Different types of
Types of Rack PDUs
An rPDU can be classified as basic, metered, monitored, or switched. At the core, the rPDU offers reliable power distribution at the rack while more intelligent rPDUs add remote monitoring capabilities, energy management, and future proof design platforms.
Basic Rack PDU
Basic rPDUs provide reliable power distribution to critical IT equipment within a rack or cabinet. They are entry-level solutions that are low cost. They meet a broad range of requirements with different electrical and receptacle configurations available. They should have regional compliance (i.e. UL in North America and CE in EMEA), which is a requirement for many data centers and insurance providers.
Metered Rack PDU
Metered rPDUs allow data center managers to view power consumption metrics instantly from a local display. This is ideal when deploying or moving equipment to monitor power usage and prevent overloads. Metered rPDUs are best suited for highly secure data center environments that must keep power infrastructure air-gapped from the local network.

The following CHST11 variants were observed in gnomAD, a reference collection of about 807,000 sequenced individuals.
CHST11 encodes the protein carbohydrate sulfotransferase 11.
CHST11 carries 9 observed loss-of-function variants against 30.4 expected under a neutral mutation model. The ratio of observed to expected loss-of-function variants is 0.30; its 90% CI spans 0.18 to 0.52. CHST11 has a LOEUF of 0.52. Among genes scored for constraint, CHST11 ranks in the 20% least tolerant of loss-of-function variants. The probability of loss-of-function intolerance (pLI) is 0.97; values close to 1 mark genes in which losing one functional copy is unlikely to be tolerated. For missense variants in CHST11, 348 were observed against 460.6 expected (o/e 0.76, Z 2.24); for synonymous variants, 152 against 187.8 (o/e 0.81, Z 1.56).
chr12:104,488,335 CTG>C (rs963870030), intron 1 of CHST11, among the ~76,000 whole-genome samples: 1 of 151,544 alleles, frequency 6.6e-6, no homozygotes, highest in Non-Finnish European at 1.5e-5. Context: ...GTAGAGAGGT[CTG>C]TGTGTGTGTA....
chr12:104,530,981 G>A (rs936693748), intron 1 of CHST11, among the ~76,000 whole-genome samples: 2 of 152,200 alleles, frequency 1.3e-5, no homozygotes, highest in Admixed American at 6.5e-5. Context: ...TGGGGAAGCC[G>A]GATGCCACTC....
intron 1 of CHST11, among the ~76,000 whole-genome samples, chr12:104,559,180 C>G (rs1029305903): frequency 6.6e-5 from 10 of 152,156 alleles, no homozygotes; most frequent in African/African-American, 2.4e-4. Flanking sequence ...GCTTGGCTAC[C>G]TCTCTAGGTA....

Monitored Rack PDU
Monitored rPDUs provide a comprehensive view of power usage, both at the rack and via remote access while continuing to provide reliable power distribution to critical IT equipment. Monitored rPDUs are available in unit-level and outlet-level remote monitoring configuration options. They offer quick access to critical information to evaluate energy usage trends as well as provide alarming capabilities to alert users of breaches in user-defined power thresholds. They are recommended for high-density data centers that want to monitor or improve power usage effectiveness (PUE).
Switched Rack PDU
Switched rPDUs provide a comprehensive view of critical IT equipment power usage, both at the rack and via remote access with the added ability to remotely turn on, turn off, or reboot power at each outlet. Switched rPDUs are also available with unit-level and outlet-level remote monitoring configuration options. Switched rPDUs are ideal for data centers needing to limit power usage at the outlet to avoid accidental overloads as well as remote data centers. They are extremely useful for data centers that require a quick and easy way to power cycle equipment in a large facility or, in some cases, an entire network of facilities.